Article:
But to enable them to work autonomously and in a team is, in my belief, one of our most important tasks as teachers. Our job comes with high human responsibility, which demands respectful and appreciative communication from us. This can be well illustrated in team teaching. The reduction of competitive behavior and lived collegiality also have a positive impact on the cooperation of the students, because they have to assert themselves less by devaluating others.

If teachers show an authentic and credible interest in the ideas of their colleagues` suggestions, question these impulses and possibly integrate them into their teaching, this behavior can animate students to discover value in diversity. We observe in our department that this openness also allows permeability within the otherwise rather rigid class structure. Usually problematic procedures, such as the change of a main subject teacher within a university, thus become a natural step. And the impulse to change teachers often even goes back to the initiative of the previous teacher.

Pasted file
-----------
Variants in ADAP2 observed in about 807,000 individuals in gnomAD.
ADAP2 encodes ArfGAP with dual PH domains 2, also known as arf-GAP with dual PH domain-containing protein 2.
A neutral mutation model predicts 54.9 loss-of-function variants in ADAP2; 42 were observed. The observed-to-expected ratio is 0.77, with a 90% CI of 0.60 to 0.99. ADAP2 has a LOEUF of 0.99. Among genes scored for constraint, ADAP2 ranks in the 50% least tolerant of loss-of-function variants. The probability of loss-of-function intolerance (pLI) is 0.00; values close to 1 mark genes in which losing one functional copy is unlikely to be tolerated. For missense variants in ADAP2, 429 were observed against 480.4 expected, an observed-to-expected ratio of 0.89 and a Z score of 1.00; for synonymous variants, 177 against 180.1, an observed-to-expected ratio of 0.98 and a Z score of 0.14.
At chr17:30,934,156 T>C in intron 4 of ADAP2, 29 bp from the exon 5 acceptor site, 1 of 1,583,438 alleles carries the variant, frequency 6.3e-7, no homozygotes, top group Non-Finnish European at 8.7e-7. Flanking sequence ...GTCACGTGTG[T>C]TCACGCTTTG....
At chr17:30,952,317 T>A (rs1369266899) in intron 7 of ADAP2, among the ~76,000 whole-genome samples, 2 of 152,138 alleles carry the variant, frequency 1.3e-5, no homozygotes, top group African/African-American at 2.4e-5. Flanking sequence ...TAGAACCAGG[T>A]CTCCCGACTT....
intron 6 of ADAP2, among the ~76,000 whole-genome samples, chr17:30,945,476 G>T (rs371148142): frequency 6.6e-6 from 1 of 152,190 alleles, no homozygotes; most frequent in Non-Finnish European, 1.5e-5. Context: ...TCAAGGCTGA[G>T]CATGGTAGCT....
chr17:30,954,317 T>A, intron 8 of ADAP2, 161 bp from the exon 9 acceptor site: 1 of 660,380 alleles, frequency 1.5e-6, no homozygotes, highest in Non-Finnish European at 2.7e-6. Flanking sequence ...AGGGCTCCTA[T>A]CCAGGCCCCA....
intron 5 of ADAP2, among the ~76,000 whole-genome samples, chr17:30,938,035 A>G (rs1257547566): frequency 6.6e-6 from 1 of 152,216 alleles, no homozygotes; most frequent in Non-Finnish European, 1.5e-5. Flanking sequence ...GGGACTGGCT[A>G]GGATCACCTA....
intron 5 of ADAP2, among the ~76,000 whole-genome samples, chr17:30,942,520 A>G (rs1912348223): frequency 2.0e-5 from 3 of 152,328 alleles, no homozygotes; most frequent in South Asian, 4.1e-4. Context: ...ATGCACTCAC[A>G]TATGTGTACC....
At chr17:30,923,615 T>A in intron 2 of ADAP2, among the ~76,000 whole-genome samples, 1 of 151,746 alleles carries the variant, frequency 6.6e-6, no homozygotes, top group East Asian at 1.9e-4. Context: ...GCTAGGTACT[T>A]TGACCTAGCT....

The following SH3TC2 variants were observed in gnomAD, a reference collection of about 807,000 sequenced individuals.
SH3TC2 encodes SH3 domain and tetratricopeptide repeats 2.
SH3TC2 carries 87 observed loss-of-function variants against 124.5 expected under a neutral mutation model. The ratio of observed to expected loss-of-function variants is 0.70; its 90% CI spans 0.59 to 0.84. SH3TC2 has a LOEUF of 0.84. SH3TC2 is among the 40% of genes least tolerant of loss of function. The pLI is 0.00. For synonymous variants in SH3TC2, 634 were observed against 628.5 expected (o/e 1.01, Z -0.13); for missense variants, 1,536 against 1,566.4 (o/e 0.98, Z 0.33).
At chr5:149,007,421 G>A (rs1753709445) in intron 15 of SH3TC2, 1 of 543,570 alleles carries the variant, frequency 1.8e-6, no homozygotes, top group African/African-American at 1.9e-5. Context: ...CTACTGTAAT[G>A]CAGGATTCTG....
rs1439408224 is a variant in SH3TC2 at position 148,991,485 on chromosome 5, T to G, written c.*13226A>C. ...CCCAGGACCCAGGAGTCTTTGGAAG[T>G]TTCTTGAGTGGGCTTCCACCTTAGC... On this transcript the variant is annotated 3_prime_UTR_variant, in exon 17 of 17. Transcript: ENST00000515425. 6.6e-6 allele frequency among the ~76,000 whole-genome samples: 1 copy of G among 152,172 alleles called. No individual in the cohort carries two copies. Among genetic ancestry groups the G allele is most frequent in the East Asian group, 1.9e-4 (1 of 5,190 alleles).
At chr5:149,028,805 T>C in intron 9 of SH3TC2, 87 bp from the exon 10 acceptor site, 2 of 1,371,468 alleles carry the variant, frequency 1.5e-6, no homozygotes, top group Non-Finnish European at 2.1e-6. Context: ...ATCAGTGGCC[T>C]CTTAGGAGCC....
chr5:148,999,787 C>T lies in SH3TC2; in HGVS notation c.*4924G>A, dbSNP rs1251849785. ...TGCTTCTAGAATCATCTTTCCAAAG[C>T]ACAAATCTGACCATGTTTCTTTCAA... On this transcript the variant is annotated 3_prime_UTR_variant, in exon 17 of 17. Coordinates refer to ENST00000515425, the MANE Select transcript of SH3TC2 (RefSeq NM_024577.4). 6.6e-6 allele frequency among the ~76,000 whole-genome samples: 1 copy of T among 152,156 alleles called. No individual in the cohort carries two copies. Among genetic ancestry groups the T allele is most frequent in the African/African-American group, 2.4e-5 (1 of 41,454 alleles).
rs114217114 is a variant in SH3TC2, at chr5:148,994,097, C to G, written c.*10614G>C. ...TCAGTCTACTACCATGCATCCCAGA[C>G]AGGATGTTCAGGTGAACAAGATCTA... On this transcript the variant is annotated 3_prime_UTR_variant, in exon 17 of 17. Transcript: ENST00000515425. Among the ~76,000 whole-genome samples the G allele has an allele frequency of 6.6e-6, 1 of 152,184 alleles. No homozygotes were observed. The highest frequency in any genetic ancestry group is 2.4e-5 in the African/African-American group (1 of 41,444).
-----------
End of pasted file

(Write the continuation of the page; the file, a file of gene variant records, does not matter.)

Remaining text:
Team teaching can therefore be a wonderful chance to exemplify tolerance, curiosity and team spirit, both humanly and musically. Moreover, it helps to prepare young people who will work in or with orchestras, choirs, chamber music formations and pupils for their profession.

 

Christiane Iven

Professorin für Gesang an der Hochschule für Musik und Theater München

June 2020